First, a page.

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Staal scores twice as Wild top Golden Knights 5-2

ST. PAUL, Minn. — It's been a magical first season for the Vegas Golden Knights, who already have won more games than any first-year team in NHL history. However, the Western Conference leaders didn't look very dominant Friday night.
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ST. PAUL, Minn. — It's been a magical first season for the Vegas Golden Knights, who already have won more games than any first-year team in NHL history. However, the Western Conference leaders didn't look very dominant Friday night.

Eric Staal had two goals and an assist as the Minnesota Wild beat the road-weary Golden Knights 5-2 for their second straight win after the All-Star break.

Vegas was coming off an overtime victory in Winnipeg on Thursday night, while Minnesota was rested since its last game on Tuesday. The Wild carried the pace of play from the start, outshooting the Golden Knights 19-8 in the first period while taking a 2-0 lead.

"We looked like a tired team for the first time this year," Vegas coach Gerard Gallant said. "There's no excuse. You play back-to-back — everybody plays them. But I didn't like our team tonight. We had no compete and we didn't win 1-on-1 battles."

The Golden Knights had won four of five coming in, including consecutive comeback victories at Calgary and Winnipeg. But they had a tough time responding when Minnesota jumped out to its early lead.

"It's tough on the road when you get down early and you're not playing like you want to," said Vegas forward Eric Haula, who had a goal and an assist. "You give all the confidence in the world to the other team."

Charlie Coyle, Tyler Ennis and Jared Spurgeon also scored for Minnesota, while Jonas Brodin had three assists and Matt Dumba added two. Devan Dubnyk stopped 22 shots to help Minnesota move to 18-4-4 at home.

"We like playing in this building," said Coyle, who scored in his second straight game. "We know when we get the momentum right from the start and the crowd gets into it, we feed off of that too."

Nate Schmidt scored the other Golden Knights goal, and Colin Miller added two assists for Vegas, which remained a point behind Tampa Bay for the best record in the league. Malcolm Subban made 30 saves in his first start since Jan. 19.

"Malcolm played incredibly well," Schmidt said. "It could have been a lot worse."

Staal opened the scoring with a power-play goal at 10:05 to put Minnesota on top. Defenceman Mike Reilly fed a pass from the right circle across the ice to the goalmouth, and all Staal had to do was put his stick down to deflect the puck past Subban.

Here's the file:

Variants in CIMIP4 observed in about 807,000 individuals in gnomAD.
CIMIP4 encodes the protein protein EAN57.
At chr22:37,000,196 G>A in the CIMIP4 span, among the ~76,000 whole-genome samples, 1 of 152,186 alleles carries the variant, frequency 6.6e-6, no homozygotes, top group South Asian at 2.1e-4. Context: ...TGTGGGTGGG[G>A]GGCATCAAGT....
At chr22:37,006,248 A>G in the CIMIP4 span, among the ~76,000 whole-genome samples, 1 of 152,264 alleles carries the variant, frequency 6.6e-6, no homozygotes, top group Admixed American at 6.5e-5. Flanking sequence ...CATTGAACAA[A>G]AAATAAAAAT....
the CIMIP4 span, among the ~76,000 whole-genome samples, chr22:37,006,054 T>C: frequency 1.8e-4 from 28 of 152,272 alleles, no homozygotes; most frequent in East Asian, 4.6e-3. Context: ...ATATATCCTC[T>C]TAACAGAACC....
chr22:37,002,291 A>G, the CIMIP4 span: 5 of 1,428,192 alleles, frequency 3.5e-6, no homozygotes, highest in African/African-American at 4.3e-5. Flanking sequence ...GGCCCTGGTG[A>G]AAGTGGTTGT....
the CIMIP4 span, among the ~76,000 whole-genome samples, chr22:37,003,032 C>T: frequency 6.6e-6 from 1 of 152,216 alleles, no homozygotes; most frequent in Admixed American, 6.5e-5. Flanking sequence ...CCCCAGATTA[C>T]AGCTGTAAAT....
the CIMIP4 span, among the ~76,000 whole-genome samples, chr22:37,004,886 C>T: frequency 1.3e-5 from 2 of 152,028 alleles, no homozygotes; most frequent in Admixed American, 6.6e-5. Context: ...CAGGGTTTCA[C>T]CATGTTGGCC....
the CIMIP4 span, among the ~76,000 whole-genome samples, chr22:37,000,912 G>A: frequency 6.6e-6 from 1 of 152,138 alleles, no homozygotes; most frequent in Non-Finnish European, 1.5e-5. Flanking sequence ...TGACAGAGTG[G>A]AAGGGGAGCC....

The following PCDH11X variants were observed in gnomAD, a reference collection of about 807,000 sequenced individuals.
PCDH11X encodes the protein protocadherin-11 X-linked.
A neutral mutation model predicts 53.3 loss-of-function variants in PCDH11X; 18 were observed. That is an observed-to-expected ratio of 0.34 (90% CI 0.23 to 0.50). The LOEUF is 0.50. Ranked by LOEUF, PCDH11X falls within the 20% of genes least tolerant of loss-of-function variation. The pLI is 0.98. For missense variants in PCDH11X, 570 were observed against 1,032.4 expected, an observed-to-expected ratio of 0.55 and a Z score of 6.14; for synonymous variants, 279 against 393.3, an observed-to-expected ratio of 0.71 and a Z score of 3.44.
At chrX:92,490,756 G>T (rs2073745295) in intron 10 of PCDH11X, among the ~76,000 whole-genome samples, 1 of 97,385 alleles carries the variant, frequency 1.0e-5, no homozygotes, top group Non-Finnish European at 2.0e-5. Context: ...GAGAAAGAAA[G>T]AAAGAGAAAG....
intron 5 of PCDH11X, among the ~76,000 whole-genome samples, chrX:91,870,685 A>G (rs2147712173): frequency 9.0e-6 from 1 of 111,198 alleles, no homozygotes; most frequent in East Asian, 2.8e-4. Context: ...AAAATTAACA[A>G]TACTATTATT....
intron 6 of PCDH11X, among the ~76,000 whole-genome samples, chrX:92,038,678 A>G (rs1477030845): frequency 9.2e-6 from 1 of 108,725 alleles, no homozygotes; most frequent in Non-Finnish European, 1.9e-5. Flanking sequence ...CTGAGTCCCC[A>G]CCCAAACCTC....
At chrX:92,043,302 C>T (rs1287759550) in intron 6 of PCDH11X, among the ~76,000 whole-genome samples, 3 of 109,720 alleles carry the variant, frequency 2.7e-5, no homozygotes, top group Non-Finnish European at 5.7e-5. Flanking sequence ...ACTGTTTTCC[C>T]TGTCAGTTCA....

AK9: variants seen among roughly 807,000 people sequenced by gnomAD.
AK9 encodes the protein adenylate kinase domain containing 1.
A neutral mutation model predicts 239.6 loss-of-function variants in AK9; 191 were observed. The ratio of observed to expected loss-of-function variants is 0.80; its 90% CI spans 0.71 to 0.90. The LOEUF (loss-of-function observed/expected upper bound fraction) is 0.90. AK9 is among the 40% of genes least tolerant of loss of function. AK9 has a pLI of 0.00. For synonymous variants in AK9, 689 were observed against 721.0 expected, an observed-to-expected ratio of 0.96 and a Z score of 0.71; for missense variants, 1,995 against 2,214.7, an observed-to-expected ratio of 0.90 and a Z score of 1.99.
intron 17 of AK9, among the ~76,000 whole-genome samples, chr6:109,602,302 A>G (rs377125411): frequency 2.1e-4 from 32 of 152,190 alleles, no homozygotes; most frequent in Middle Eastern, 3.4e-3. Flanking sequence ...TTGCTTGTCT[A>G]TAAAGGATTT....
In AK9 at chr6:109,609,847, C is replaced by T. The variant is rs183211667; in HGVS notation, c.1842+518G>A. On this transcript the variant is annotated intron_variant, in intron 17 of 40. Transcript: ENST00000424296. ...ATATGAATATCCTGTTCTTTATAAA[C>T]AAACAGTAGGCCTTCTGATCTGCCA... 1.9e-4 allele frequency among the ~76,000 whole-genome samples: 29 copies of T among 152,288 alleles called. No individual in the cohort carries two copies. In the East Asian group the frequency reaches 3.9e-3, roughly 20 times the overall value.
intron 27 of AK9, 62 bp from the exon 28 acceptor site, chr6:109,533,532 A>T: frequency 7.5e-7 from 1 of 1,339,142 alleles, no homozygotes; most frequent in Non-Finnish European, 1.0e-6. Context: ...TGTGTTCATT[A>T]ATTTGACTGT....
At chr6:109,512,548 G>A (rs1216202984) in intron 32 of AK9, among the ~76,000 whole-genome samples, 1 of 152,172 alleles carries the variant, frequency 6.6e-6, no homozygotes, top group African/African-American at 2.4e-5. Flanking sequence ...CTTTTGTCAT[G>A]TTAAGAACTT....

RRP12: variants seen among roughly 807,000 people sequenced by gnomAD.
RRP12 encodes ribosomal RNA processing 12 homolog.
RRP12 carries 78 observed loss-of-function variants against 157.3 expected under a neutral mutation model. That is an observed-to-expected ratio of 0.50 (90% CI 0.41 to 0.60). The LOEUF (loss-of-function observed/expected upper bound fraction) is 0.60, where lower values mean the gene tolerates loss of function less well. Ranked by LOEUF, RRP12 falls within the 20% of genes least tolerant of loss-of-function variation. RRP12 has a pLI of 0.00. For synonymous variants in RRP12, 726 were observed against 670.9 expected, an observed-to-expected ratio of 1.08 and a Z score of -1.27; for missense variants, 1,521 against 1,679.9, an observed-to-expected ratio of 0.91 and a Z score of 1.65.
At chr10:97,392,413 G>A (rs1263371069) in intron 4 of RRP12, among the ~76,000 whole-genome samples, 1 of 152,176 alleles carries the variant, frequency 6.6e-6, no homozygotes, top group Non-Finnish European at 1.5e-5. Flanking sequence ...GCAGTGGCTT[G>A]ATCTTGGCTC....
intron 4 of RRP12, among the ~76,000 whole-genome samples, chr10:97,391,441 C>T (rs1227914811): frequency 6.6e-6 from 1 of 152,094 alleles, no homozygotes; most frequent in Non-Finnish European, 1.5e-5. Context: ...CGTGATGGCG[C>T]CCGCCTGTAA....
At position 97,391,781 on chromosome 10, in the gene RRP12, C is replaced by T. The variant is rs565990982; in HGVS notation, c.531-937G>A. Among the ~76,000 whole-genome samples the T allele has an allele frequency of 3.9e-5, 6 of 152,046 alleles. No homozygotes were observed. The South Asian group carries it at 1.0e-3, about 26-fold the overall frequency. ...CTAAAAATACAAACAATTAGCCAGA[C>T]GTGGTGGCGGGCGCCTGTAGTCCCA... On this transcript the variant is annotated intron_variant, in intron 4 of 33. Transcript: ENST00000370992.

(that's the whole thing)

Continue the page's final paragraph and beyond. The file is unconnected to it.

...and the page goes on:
Coyle doubled the lead five minutes later with a wrist shot from the left circle that beat Subban, who was screened on the play by Wild forward Joel Eriksson Ek.

Spurgeon scored the Wild's second power-play goal of the night to make it 4-1 in the second period, but Schmidt's goal cut Minnesota's lead to 4-2 with 7:22 left in the game. When the Golden Knights gained possession in Minnesota's zone, Gallant pulled Subban for an extra skater, and the 6-on-4 paid off when Schmidt knocked in a rebound off the end boards from a bad angle.

But the Wild put it away with 1 1/2 minutes to play when Staal was awarded a goal after he was hooked while heading in on an empty net. His team-leading 22nd of the season capped a night when the Wild took advantage of a tired opponent.

"We've got some veteran guys on our team who understand back-to-backs and travel and how it works," Staal said. "If you can jump on them and be aggressive, it can really help carry you the rest of the way. And we were aggressive. We were in their face early, drew the power plays and then cashed in."

NOTES: Haula has scored a goal in five straight games. ... Ennis scored for the first time in 19 games. ... The Wild welcomed LW Nino Niederreiter back to the lineup. He had missed eight straight and 13 of the previous 15 games with a bone bruise to his left ankle. ... Golden Knights D Brayden McNabb returned after missing three games due to injury

UP NEXT

Golden Knights: At Washington on Sunday

Wild: At Dallas on Saturday

Patrick Donnelly, The Associated Press